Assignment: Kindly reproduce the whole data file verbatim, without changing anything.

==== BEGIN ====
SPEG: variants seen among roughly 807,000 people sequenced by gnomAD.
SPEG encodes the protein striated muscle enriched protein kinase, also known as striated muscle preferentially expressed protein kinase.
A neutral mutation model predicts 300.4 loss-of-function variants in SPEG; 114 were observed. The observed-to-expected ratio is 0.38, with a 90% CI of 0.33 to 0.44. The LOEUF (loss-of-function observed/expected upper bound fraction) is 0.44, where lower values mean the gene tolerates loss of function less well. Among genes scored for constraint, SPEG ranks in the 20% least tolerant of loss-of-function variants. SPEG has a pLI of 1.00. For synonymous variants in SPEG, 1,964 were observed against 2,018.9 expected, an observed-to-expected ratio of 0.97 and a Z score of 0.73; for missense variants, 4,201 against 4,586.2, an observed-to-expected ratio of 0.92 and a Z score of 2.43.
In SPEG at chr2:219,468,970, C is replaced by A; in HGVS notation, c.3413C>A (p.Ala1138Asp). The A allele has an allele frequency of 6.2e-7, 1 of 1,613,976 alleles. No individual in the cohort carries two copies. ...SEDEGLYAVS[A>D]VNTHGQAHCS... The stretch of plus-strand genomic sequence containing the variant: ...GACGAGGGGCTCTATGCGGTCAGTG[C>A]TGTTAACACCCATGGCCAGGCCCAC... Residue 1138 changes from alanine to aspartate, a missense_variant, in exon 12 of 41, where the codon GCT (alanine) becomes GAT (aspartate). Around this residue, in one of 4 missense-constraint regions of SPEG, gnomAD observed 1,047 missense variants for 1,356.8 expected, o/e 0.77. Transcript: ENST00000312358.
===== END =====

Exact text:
SPEG: variants seen among roughly 807,000 people sequenced by gnomAD.
SPEG encodes the protein striated muscle enriched protein kinase, also known as striated muscle preferentially expressed protein kinase.
A neutral mutation model predicts 300.4 loss-of-function variants in SPEG; 114 were observed. The observed-to-expected ratio is 0.38, with a 90% CI of 0.33 to 0.44. The LOEUF (loss-of-function observed/expected upper bound fraction) is 0.44, where lower values mean the gene tolerates loss of function less well. Among genes scored for constraint, SPEG ranks in the 20% least tolerant of loss-of-function variants. SPEG has a pLI of 1.00. For synonymous variants in SPEG, 1,964 were observed against 2,018.9 expected, an observed-to-expected ratio of 0.97 and a Z score of 0.73; for missense variants, 4,201 against 4,586.2, an observed-to-expected ratio of 0.92 and a Z score of 2.43.
In SPEG at chr2:219,468,970, C is replaced by A; in HGVS notation, c.3413C>A (p.Ala1138Asp). The A allele has an allele frequency of 6.2e-7, 1 of 1,613,976 alleles. No individual in the cohort carries two copies. ...SEDEGLYAVS[A>D]VNTHGQAHCS... The stretch of plus-strand genomic sequence containing the variant: ...GACGAGGGGCTCTATGCGGTCAGTG[C>A]TGTTAACACCCATGGCCAGGCCCAC... Residue 1138 changes from alanine to aspartate, a missense_variant, in exon 12 of 41, where the codon GCT (alanine) becomes GAT (aspartate). Around this residue, in one of 4 missense-constraint regions of SPEG, gnomAD observed 1,047 missense variants for 1,356.8 expected, o/e 0.77. Transcript: ENST00000312358.